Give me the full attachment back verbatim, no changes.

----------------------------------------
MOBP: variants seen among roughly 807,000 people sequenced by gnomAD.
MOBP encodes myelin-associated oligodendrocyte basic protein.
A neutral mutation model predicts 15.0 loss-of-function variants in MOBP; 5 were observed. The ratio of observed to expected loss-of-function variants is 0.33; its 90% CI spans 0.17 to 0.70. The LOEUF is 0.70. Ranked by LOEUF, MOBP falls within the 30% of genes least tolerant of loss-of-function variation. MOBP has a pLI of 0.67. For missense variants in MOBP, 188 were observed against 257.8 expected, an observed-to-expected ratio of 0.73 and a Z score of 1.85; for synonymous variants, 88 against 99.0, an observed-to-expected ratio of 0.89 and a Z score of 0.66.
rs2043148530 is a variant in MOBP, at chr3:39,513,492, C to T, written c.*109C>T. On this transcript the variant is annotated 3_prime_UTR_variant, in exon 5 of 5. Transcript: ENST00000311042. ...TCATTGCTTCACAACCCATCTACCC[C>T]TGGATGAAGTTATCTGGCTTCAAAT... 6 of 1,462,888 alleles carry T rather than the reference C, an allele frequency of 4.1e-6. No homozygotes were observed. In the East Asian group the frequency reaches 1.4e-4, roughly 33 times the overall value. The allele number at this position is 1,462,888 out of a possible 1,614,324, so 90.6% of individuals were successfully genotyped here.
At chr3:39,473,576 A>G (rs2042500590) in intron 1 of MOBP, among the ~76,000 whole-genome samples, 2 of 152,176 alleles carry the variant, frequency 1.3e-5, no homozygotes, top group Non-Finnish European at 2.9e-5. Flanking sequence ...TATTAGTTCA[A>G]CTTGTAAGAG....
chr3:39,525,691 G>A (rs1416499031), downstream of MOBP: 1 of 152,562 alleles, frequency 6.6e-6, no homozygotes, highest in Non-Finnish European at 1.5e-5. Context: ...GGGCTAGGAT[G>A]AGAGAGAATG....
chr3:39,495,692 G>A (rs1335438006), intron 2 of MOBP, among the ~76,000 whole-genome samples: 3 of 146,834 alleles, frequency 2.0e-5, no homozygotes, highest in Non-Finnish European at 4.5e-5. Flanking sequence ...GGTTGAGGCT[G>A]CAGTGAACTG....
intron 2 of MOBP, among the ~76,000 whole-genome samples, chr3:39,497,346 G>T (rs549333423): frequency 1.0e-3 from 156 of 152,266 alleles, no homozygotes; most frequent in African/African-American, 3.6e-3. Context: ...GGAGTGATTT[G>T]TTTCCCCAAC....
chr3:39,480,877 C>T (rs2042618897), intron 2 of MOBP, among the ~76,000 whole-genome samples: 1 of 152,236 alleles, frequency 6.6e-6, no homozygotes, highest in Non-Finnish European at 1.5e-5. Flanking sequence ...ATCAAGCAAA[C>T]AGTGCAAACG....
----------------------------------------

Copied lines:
MOBP: variants seen among roughly 807,000 people sequenced by gnomAD.
MOBP encodes myelin-associated oligodendrocyte basic protein.
A neutral mutation model predicts 15.0 loss-of-function variants in MOBP; 5 were observed. The ratio of observed to expected loss-of-function variants is 0.33; its 90% CI spans 0.17 to 0.70. The LOEUF is 0.70. Ranked by LOEUF, MOBP falls within the 30% of genes least tolerant of loss-of-function variation. MOBP has a pLI of 0.67. For missense variants in MOBP, 188 were observed against 257.8 expected, an observed-to-expected ratio of 0.73 and a Z score of 1.85; for synonymous variants, 88 against 99.0, an observed-to-expected ratio of 0.89 and a Z score of 0.66.
rs2043148530 is a variant in MOBP, at chr3:39,513,492, C to T, written c.*109C>T. On this transcript the variant is annotated 3_prime_UTR_variant, in exon 5 of 5. Transcript: ENST00000311042. ...TCATTGCTTCACAACCCATCTACCC[C>T]TGGATGAAGTTATCTGGCTTCAAAT... 6 of 1,462,888 alleles carry T rather than the reference C, an allele frequency of 4.1e-6. No homozygotes were observed. In the East Asian group the frequency reaches 1.4e-4, roughly 33 times the overall value. The allele number at this position is 1,462,888 out of a possible 1,614,324, so 90.6% of individuals were successfully genotyped here.
At chr3:39,473,576 A>G (rs2042500590) in intron 1 of MOBP, among the ~76,000 whole-genome samples, 2 of 152,176 alleles carry the variant, frequency 1.3e-5, no homozygotes, top group Non-Finnish European at 2.9e-5. Flanking sequence ...TATTAGTTCA[A>G]CTTGTAAGAG....
chr3:39,525,691 G>A (rs1416499031), downstream of MOBP: 1 of 152,562 alleles, frequency 6.6e-6, no homozygotes, highest in Non-Finnish European at 1.5e-5. Context: ...GGGCTAGGAT[G>A]AGAGAGAATG....
chr3:39,495,692 G>A (rs1335438006), intron 2 of MOBP, among the ~76,000 whole-genome samples: 3 of 146,834 alleles, frequency 2.0e-5, no homozygotes, highest in Non-Finnish European at 4.5e-5. Flanking sequence ...GGTTGAGGCT[G>A]CAGTGAACTG....
intron 2 of MOBP, among the ~76,000 whole-genome samples, chr3:39,497,346 G>T (rs549333423): frequency 1.0e-3 from 156 of 152,266 alleles, no homozygotes; most frequent in African/African-American, 3.6e-3. Context: ...GGAGTGATTT[G>T]TTTCCCCAAC....
chr3:39,480,877 C>T (rs2042618897), intron 2 of MOBP, among the ~76,000 whole-genome samples: 1 of 152,236 alleles, frequency 6.6e-6, no homozygotes, highest in Non-Finnish European at 1.5e-5. Flanking sequence ...ATCAAGCAAA[C>T]AGTGCAAACG....